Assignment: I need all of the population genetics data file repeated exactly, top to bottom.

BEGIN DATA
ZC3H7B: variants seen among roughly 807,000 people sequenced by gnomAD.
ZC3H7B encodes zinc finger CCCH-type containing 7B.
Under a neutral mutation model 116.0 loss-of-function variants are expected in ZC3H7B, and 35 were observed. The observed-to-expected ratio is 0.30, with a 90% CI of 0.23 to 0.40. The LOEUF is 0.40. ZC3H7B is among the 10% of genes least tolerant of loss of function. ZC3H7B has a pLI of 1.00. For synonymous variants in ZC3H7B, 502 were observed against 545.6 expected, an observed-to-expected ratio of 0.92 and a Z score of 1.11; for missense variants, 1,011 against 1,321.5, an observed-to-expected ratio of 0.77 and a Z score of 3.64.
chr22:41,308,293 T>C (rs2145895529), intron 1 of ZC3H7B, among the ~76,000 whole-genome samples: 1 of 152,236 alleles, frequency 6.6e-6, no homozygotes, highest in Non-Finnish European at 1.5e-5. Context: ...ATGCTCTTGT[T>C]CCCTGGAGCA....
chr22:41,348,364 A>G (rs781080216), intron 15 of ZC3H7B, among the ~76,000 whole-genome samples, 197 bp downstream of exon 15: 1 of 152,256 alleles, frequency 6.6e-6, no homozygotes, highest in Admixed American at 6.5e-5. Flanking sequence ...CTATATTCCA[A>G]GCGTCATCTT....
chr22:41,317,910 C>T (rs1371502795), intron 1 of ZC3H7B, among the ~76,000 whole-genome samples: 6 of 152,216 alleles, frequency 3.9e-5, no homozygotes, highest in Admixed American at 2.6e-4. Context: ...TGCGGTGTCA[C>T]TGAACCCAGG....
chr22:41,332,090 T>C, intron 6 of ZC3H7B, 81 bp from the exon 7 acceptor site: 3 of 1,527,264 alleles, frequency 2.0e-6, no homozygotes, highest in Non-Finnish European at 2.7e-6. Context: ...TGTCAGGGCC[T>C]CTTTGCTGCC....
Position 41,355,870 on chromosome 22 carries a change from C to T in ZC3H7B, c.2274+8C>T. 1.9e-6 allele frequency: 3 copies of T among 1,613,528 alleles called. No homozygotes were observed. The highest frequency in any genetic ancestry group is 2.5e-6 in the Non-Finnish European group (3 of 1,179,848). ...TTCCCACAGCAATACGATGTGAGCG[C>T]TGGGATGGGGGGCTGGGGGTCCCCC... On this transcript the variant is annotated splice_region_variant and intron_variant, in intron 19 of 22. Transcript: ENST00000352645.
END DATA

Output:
ZC3H7B: variants seen among roughly 807,000 people sequenced by gnomAD.
ZC3H7B encodes zinc finger CCCH-type containing 7B.
Under a neutral mutation model 116.0 loss-of-function variants are expected in ZC3H7B, and 35 were observed. The observed-to-expected ratio is 0.30, with a 90% CI of 0.23 to 0.40. The LOEUF is 0.40. ZC3H7B is among the 10% of genes least tolerant of loss of function. ZC3H7B has a pLI of 1.00. For synonymous variants in ZC3H7B, 502 were observed against 545.6 expected, an observed-to-expected ratio of 0.92 and a Z score of 1.11; for missense variants, 1,011 against 1,321.5, an observed-to-expected ratio of 0.77 and a Z score of 3.64.
chr22:41,308,293 T>C (rs2145895529), intron 1 of ZC3H7B, among the ~76,000 whole-genome samples: 1 of 152,236 alleles, frequency 6.6e-6, no homozygotes, highest in Non-Finnish European at 1.5e-5. Context: ...ATGCTCTTGT[T>C]CCCTGGAGCA....
chr22:41,348,364 A>G (rs781080216), intron 15 of ZC3H7B, among the ~76,000 whole-genome samples, 197 bp downstream of exon 15: 1 of 152,256 alleles, frequency 6.6e-6, no homozygotes, highest in Admixed American at 6.5e-5. Flanking sequence ...CTATATTCCA[A>G]GCGTCATCTT....
chr22:41,317,910 C>T (rs1371502795), intron 1 of ZC3H7B, among the ~76,000 whole-genome samples: 6 of 152,216 alleles, frequency 3.9e-5, no homozygotes, highest in Admixed American at 2.6e-4. Context: ...TGCGGTGTCA[C>T]TGAACCCAGG....
chr22:41,332,090 T>C, intron 6 of ZC3H7B, 81 bp from the exon 7 acceptor site: 3 of 1,527,264 alleles, frequency 2.0e-6, no homozygotes, highest in Non-Finnish European at 2.7e-6. Context: ...TGTCAGGGCC[T>C]CTTTGCTGCC....
Position 41,355,870 on chromosome 22 carries a change from C to T in ZC3H7B, c.2274+8C>T. 1.9e-6 allele frequency: 3 copies of T among 1,613,528 alleles called. No homozygotes were observed. The highest frequency in any genetic ancestry group is 2.5e-6 in the Non-Finnish European group (3 of 1,179,848). ...TTCCCACAGCAATACGATGTGAGCG[C>T]TGGGATGGGGGGCTGGGGGTCCCCC... On this transcript the variant is annotated splice_region_variant and intron_variant, in intron 19 of 22. Transcript: ENST00000352645.